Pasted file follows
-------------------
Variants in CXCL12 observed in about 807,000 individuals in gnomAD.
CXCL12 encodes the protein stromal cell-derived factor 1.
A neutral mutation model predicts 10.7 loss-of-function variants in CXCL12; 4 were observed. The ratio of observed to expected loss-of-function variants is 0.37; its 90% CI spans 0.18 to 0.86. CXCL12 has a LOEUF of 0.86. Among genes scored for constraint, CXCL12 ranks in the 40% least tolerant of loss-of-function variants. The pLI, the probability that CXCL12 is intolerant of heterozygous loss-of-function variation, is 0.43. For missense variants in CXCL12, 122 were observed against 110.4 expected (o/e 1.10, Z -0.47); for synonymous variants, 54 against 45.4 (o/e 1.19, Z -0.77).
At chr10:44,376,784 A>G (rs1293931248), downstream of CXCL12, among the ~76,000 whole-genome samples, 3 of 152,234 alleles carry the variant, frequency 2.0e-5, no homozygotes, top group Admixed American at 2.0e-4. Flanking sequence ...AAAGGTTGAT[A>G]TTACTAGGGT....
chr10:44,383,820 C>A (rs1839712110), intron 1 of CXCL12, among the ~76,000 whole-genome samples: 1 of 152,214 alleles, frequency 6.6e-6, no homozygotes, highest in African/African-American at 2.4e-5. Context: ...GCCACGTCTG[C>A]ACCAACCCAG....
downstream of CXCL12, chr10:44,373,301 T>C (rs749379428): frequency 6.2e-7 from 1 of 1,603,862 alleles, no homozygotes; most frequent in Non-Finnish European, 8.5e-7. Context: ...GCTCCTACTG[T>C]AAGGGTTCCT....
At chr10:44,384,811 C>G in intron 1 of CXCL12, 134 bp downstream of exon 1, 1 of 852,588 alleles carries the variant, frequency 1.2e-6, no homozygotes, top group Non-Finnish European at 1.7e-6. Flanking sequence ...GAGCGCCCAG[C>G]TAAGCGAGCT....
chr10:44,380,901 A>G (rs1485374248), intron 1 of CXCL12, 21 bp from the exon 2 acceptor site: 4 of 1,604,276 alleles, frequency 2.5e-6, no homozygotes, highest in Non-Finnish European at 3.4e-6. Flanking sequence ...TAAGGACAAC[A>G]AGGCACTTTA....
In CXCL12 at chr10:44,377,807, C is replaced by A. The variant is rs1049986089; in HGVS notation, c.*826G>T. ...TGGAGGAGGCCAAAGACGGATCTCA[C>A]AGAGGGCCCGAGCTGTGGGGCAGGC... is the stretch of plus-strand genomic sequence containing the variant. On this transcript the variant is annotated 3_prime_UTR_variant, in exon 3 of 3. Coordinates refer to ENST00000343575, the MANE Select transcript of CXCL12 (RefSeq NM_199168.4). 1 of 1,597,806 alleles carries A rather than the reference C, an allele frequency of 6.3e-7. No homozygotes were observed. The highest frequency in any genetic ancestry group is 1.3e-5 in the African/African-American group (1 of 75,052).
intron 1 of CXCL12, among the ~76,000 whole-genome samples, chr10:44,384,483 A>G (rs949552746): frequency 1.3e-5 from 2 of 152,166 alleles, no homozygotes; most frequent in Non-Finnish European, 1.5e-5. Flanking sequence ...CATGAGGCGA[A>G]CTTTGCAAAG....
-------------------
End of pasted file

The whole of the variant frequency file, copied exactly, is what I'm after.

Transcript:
Variants in CXCL12 observed in about 807,000 individuals in gnomAD.
CXCL12 encodes the protein stromal cell-derived factor 1.
A neutral mutation model predicts 10.7 loss-of-function variants in CXCL12; 4 were observed. The ratio of observed to expected loss-of-function variants is 0.37; its 90% CI spans 0.18 to 0.86. CXCL12 has a LOEUF of 0.86. Among genes scored for constraint, CXCL12 ranks in the 40% least tolerant of loss-of-function variants. The pLI, the probability that CXCL12 is intolerant of heterozygous loss-of-function variation, is 0.43. For missense variants in CXCL12, 122 were observed against 110.4 expected (o/e 1.10, Z -0.47); for synonymous variants, 54 against 45.4 (o/e 1.19, Z -0.77).
At chr10:44,376,784 A>G (rs1293931248), downstream of CXCL12, among the ~76,000 whole-genome samples, 3 of 152,234 alleles carry the variant, frequency 2.0e-5, no homozygotes, top group Admixed American at 2.0e-4. Flanking sequence ...AAAGGTTGAT[A>G]TTACTAGGGT....
chr10:44,383,820 C>A (rs1839712110), intron 1 of CXCL12, among the ~76,000 whole-genome samples: 1 of 152,214 alleles, frequency 6.6e-6, no homozygotes, highest in African/African-American at 2.4e-5. Context: ...GCCACGTCTG[C>A]ACCAACCCAG....
downstream of CXCL12, chr10:44,373,301 T>C (rs749379428): frequency 6.2e-7 from 1 of 1,603,862 alleles, no homozygotes; most frequent in Non-Finnish European, 8.5e-7. Context: ...GCTCCTACTG[T>C]AAGGGTTCCT....
At chr10:44,384,811 C>G in intron 1 of CXCL12, 134 bp downstream of exon 1, 1 of 852,588 alleles carries the variant, frequency 1.2e-6, no homozygotes, top group Non-Finnish European at 1.7e-6. Flanking sequence ...GAGCGCCCAG[C>G]TAAGCGAGCT....
chr10:44,380,901 A>G (rs1485374248), intron 1 of CXCL12, 21 bp from the exon 2 acceptor site: 4 of 1,604,276 alleles, frequency 2.5e-6, no homozygotes, highest in Non-Finnish European at 3.4e-6. Flanking sequence ...TAAGGACAAC[A>G]AGGCACTTTA....
In CXCL12 at chr10:44,377,807, C is replaced by A. The variant is rs1049986089; in HGVS notation, c.*826G>T. ...TGGAGGAGGCCAAAGACGGATCTCA[C>A]AGAGGGCCCGAGCTGTGGGGCAGGC... is the stretch of plus-strand genomic sequence containing the variant. On this transcript the variant is annotated 3_prime_UTR_variant, in exon 3 of 3. Coordinates refer to ENST00000343575, the MANE Select transcript of CXCL12 (RefSeq NM_199168.4). 1 of 1,597,806 alleles carries A rather than the reference C, an allele frequency of 6.3e-7. No homozygotes were observed. The highest frequency in any genetic ancestry group is 1.3e-5 in the African/African-American group (1 of 75,052).
intron 1 of CXCL12, among the ~76,000 whole-genome samples, chr10:44,384,483 A>G (rs949552746): frequency 1.3e-5 from 2 of 152,166 alleles, no homozygotes; most frequent in Non-Finnish European, 1.5e-5. Flanking sequence ...CATGAGGCGA[A>G]CTTTGCAAAG....